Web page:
Your car is now worth less than you think

The Oklahoman (Sunday) - - BUSINESS - BY KYLE STOCK Bloomberg

Car sales in the U.S. have been ris­ing for seven con­sec­u­tive years now, and it’s dent­ing the value of what­ever is cur­rently parked in your garage or drive­way. With so many new cars rolling out of deal­er­ships lots and in­stantly be­com­ing used cars, the sec­ondary mar­ket is glut­ted and the pace of de­pre­ci­a­tion is rapidly ac­cel­er­at­ing.

Your not-that-old car might not be a clunker quite yet, but it’s prob­a­bly a lot closer than you think.

The av­er­age used car lost 17 per­cent of its value in the past 12 months, drop­ping from $18,400 to $15,300, ac­cord­ing to data from Black Book, an auto an­a­lyt­ics com­pany. That an­nual de­pre­ci­a­tion fig­ure has been in­creas­ing steadily, too. The av­er­age used car to­day de­pre­ci­ates nearly twice as fast at it did in 2014, when the an­nual rate was just 9.5 per­cent.

“We’ve got our­selves in an over­sup­ply sit­u­a­tion,” said Jim Hal­lett, chief ex­ec­u­tive of­fi­cer of KAR Auc­tion Ser­vices, which sells about 5 mil­lion used cars every year. “No­body is in­ter­ested in stock­pil­ing in­ven­tory right now.” Trans­la­tion: If you’re trad­ing in a used car, don’t expect to get much of a deal.

Cer­tain seg­ments are shed­ding value even more quickly. Sub­com­pact cars, such as the Honda Fit, and large sedans, such as the Chevro­let Im­pala, are de­pre­ci­at­ing faster than av­er­age. Big SUVs, vans, and pick­ups are hold­ing their value a lit­tle bet­ter, and im­ports tend to drop more quickly than do­mes­tic mod­els.

Glut, both new and used

The prob­lem, of course, is supply. Seven con­sec­u­tive years of in­creas­ing U.S. auto sales have put a glut of ve­hi­cles on the road. What’s more, an in­creas­ing share of those sales came with a lease, so there’s now a ris­ing tide of ma­chines flow­ing back onto the mar­ket when their three-year con­tracts run out.

Au­tomak­ers, hav­ing added man­u­fac­tur­ing ca­pac­ity, are also of­fer­ing larger in­cen­tives on new ve­hi­cles just to main­tain their record sales mo­men­tum. That puts down­ward pres­sure on the en­tire mar­ket, ac­cord­ing to Hal­lett, even for used cars.

Con­se­quently, the num­ber of driv­ers who are up­side down on their car loans is surg­ing. Amer­i­cans are pay­ing — or try­ing to pay — 108 mil­lion auto loans at the mo­ment, ac­cord­ing to the most re­cent Fed­eral Re­serve data. That represents roughly half of li­censed driv­ers in the U.S. At the same time, 14 per­cent of Amer­i­cans have a neg­a­tive net worth. Among those who have more debts than as­sets, the Fed­eral Re­serve says auto loans make up be­tween 10 per­cent and 23 per­cent of their to­tal fi­nan­cial obli­ga­tions.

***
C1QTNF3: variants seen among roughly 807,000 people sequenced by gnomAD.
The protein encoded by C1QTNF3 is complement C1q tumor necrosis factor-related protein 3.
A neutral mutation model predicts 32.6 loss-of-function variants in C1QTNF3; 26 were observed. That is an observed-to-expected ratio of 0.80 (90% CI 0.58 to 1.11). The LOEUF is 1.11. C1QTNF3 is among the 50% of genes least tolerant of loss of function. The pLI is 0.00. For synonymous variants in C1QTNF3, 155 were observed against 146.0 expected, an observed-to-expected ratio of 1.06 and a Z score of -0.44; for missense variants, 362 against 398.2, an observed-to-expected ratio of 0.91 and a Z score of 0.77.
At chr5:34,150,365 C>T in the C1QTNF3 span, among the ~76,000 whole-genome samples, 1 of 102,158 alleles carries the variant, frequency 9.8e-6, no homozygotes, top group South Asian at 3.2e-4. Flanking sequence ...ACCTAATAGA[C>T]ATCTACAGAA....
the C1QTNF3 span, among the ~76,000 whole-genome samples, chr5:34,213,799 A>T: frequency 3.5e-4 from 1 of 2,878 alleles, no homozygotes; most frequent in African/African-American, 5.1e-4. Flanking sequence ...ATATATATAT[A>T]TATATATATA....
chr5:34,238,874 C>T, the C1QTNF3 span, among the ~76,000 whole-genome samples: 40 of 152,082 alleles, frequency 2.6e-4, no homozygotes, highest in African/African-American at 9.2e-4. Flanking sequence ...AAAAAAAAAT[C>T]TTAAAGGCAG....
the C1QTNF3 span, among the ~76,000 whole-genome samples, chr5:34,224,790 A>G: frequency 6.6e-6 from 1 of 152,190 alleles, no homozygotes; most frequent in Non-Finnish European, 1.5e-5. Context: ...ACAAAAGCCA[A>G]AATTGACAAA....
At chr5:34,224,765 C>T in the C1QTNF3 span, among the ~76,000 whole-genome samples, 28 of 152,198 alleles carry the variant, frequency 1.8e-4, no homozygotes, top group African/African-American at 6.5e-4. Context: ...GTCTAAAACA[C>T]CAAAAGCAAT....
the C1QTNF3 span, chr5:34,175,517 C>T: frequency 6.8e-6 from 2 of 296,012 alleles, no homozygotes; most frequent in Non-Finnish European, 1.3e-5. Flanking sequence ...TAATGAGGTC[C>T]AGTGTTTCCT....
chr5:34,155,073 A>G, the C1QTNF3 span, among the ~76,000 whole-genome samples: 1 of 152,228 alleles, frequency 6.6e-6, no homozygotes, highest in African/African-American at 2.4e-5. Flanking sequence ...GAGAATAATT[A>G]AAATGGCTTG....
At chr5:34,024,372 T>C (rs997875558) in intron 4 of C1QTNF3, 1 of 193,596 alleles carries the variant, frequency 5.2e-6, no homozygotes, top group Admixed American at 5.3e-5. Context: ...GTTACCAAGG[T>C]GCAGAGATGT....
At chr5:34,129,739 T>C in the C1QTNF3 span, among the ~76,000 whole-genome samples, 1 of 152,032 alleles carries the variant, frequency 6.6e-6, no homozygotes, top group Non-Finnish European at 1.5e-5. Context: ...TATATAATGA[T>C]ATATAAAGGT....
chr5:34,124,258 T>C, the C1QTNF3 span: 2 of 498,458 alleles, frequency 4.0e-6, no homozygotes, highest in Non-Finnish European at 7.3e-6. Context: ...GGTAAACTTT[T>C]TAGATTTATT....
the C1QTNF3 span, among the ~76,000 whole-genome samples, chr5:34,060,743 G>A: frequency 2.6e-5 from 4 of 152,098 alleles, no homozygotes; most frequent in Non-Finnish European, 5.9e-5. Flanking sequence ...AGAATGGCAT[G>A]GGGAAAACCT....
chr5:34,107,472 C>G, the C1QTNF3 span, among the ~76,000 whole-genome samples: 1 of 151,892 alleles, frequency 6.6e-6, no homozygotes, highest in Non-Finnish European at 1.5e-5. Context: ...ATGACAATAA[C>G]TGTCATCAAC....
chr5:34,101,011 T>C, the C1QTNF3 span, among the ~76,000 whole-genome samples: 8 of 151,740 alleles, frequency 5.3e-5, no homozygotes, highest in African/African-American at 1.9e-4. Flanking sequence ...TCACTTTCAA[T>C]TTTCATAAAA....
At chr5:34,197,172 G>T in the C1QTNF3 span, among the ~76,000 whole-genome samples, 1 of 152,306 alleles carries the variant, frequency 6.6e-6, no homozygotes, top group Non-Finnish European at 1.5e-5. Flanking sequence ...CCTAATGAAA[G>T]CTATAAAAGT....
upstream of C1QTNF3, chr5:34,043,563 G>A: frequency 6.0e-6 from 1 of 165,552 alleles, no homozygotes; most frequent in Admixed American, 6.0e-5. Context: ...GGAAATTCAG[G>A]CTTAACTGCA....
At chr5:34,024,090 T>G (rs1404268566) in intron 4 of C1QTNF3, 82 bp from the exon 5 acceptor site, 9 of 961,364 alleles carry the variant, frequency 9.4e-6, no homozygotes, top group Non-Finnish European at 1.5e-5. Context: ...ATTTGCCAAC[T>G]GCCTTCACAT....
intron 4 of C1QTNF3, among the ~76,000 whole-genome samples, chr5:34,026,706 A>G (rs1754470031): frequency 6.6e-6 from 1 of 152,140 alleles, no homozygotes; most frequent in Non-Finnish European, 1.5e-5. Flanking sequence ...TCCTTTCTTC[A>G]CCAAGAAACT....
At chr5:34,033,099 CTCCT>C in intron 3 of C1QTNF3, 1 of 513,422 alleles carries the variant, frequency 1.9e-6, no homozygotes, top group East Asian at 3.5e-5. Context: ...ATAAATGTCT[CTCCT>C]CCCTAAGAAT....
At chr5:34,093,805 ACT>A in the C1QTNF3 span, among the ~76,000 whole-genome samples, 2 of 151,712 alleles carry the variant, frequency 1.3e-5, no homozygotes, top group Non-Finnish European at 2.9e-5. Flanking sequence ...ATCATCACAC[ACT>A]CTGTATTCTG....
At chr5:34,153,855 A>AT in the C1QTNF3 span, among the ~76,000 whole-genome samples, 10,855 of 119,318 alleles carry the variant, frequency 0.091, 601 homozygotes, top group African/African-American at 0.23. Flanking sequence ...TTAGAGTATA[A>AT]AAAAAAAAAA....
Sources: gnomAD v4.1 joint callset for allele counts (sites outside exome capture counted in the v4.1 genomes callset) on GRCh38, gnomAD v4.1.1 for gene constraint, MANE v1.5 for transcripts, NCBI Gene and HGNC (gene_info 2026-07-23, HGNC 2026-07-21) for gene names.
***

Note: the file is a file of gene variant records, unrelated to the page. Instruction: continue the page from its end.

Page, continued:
Not sur­pris­ingly, KAR Auc­tions is see­ing a ris­ing num­ber of repossessions. The com­pany ex­pects nearly 2 mil­lion ve­hi­cles to be seized by len­ders this year and added to the used-car mar­ket, up from 1.1 mil­lion at the nadir of the last re­ces­sion.

The in­creas­ing pace of de­pre­ci­a­tion is also bad news at the cor­po­rate level. Com­pa­nies with huge fleets of cars and trucks — think deal­er­ships and rental chains — are see­ing their bal­ance sheets tick down by the day. Con­sider Avis Bud­get Group: In the quar­ter ended June 30, the rental-car em­pire man­aged to rent more cars than in the year-ear­lier pe­riod, and at fairly sta­ble prices. Yet its profit dropped 92 per­cent as it strug­gled to sell ve­hi­cles it wasn’t us­ing. Ex­penses tied to ve­hi­cle de­pre­ci­a­tion and lease charges in­creased 12 per­cent in the quar­ter.

Hal­lett at KAR Auc­tion said many fleet man­agers are in a sim­i­lar pickle. At Hertz Global Hold­ings, for ex­am­ple, de­pre­ci­a­tion per ve­hi­cle was up 27 per­cent in the re­cent quar­ter; at the time, Hertz had 500,000 ve­hi­cles. “We call it los­ing money by vol­ume,” Hal­lett said.

Avis, in re­sponse, has re­sorted to sell­ing more cars di­rectly to con­sumers, cut­ting out the mid­dle­man at deal­er­ships to re­al­ize slightly higher prices. And it’s buy­ing fewer 2018 mod­els as it gears up for next year.

The up­side is that Amer­ica is in the midst of a buyer’s mar­ket for used ve­hi­cles. In 2012, the av­er­age three-yearold ve­hi­cle was sell­ing at 26 per­cent off its orig­i­nal sticker price on Car­gu­rus. com, an on­line plat­form list­ing some 2.5 mil­lion ve­hi­cles. A three-yearold car is cur­rently trad­ing at a 34 per­cent dis­count from the sticker price, said Car­gu­rus spokes­woman Amy Mueller.

A cheap used car hasn’t been this cheap in quite some time.

[AP FILE PHOTO]

Chevro­let Corvettes and other ve­hi­cles line the lot at a Chevro­let deal­er­ship in Rich­mond, Va.

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